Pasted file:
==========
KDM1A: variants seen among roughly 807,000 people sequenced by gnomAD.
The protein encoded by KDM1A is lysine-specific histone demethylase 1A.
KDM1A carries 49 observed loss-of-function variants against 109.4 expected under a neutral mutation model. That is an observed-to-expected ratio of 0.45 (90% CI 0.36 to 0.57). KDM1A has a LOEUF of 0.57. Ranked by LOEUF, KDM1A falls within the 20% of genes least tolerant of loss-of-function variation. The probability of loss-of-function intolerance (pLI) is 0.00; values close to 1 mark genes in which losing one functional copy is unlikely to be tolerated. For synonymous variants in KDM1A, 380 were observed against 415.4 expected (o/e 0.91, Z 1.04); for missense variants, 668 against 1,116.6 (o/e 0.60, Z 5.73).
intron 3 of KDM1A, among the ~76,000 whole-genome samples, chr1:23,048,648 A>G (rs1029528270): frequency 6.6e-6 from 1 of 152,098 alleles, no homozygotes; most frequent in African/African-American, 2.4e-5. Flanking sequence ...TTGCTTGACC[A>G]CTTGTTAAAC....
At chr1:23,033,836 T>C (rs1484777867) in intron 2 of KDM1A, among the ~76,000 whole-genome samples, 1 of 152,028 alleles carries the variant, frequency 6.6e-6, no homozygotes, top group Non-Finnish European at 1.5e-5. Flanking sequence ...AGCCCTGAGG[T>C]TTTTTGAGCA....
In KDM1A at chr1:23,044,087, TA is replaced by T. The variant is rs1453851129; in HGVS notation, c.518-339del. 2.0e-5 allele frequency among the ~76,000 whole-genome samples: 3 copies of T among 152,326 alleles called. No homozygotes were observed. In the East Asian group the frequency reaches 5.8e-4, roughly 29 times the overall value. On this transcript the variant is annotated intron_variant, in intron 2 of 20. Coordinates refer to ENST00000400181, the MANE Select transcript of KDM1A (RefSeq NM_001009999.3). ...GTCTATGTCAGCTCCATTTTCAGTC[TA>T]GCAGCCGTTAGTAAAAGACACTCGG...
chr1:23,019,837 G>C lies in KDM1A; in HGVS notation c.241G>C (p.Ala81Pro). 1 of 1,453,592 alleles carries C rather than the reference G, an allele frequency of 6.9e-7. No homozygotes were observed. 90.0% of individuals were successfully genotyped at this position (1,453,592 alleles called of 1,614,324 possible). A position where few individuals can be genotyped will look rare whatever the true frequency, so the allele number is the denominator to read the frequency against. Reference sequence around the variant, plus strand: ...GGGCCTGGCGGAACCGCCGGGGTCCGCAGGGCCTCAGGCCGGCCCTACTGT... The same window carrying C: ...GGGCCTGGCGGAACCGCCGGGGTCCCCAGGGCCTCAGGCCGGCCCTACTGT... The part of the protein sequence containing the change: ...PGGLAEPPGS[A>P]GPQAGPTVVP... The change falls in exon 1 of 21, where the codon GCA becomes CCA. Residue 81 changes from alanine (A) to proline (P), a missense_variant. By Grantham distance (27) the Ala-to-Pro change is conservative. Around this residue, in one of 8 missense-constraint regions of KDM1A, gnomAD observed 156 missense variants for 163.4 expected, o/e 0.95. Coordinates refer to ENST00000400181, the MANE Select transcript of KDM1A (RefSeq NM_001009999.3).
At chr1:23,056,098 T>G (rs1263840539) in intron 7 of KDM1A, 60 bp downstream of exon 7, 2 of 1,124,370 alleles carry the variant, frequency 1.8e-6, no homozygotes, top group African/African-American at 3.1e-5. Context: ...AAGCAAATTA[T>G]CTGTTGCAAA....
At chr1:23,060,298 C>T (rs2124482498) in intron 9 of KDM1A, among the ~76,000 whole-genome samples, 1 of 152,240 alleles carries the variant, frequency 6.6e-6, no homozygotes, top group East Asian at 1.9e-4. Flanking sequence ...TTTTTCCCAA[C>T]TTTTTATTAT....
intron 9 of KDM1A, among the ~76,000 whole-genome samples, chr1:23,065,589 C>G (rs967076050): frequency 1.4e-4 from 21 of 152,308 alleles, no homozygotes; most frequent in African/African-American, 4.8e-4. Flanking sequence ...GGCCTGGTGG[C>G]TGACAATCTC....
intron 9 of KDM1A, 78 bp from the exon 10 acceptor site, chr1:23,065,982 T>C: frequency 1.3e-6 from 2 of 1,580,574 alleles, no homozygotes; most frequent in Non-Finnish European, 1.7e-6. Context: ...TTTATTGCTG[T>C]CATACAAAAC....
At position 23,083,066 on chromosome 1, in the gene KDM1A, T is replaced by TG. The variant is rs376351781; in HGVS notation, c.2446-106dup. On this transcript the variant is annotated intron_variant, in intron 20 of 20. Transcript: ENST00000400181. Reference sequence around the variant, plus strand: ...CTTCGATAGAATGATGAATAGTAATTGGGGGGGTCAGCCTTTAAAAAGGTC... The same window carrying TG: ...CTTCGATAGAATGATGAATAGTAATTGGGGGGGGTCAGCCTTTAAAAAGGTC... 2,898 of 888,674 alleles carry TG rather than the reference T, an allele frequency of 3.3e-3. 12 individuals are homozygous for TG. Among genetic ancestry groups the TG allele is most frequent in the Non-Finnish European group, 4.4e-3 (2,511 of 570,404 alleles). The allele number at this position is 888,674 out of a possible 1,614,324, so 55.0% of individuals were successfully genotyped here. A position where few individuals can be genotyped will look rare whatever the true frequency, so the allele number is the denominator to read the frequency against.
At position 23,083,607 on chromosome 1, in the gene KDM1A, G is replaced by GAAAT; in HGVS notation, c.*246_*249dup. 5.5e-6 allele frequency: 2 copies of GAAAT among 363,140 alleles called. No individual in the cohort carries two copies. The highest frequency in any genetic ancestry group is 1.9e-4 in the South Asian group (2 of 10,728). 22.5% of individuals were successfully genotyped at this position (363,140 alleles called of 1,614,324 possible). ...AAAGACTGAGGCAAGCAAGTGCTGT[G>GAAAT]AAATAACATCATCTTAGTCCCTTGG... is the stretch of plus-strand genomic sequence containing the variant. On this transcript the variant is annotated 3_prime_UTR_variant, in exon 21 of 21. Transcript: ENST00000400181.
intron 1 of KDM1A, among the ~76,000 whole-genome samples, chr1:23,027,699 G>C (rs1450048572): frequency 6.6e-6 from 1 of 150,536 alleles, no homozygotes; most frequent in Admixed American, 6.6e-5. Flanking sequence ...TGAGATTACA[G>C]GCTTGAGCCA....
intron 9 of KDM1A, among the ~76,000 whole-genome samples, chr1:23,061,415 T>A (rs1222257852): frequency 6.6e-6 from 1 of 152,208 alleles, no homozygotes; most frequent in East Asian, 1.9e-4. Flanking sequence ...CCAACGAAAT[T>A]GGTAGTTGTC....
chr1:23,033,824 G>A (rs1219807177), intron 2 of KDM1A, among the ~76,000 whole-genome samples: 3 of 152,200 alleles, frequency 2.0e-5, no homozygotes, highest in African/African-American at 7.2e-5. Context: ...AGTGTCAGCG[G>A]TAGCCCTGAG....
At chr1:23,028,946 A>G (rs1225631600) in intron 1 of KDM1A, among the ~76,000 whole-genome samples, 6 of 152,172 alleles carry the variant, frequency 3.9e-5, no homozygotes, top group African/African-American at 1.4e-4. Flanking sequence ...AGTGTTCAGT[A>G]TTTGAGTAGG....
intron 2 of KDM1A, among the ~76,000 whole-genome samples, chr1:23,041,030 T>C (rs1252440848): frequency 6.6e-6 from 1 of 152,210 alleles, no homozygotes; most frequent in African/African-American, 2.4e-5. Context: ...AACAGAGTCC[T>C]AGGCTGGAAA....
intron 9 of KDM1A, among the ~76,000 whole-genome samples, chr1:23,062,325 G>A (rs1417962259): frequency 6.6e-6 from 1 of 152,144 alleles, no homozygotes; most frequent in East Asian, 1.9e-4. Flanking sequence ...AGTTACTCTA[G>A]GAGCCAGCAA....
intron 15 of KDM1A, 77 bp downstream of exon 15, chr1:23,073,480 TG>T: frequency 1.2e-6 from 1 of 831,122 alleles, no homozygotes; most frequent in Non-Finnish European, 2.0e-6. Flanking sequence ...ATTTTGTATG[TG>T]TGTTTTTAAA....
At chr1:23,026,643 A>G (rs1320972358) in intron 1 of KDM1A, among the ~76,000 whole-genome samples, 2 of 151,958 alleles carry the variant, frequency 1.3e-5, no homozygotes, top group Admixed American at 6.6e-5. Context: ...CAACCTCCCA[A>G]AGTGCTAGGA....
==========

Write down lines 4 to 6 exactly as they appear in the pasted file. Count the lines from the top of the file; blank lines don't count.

intron 3 of KDM1A, among the ~76,000 whole-genome samples, chr1:23,048,648 A>G (rs1029528270): frequency 6.6e-6 from 1 of 152,098 alleles, no homozygotes; most frequent in African/African-American, 2.4e-5. Flanking sequence ...TTGCTTGACC[A>G]CTTGTTAAAC....
At chr1:23,033,836 T>C (rs1484777867) in intron 2 of KDM1A, among the ~76,000 whole-genome samples, 1 of 152,028 alleles carries the variant, frequency 6.6e-6, no homozygotes, top group Non-Finnish European at 1.5e-5. Flanking sequence ...AGCCCTGAGG[T>C]TTTTTGAGCA....
In KDM1A at chr1:23,044,087, TA is replaced by T. The variant is rs1453851129; in HGVS notation, c.518-339del. 2.0e-5 allele frequency among the ~76,000 whole-genome samples: 3 copies of T among 152,326 alleles called. No homozygotes were observed. In the East Asian group the frequency reaches 5.8e-4, roughly 29 times the overall value. On this transcript the variant is annotated intron_variant, in intron 2 of 20. Coordinates refer to ENST00000400181, the MANE Select transcript of KDM1A (RefSeq NM_001009999.3). ...GTCTATGTCAGCTCCATTTTCAGTC[TA>T]GCAGCCGTTAGTAAAAGACACTCGG...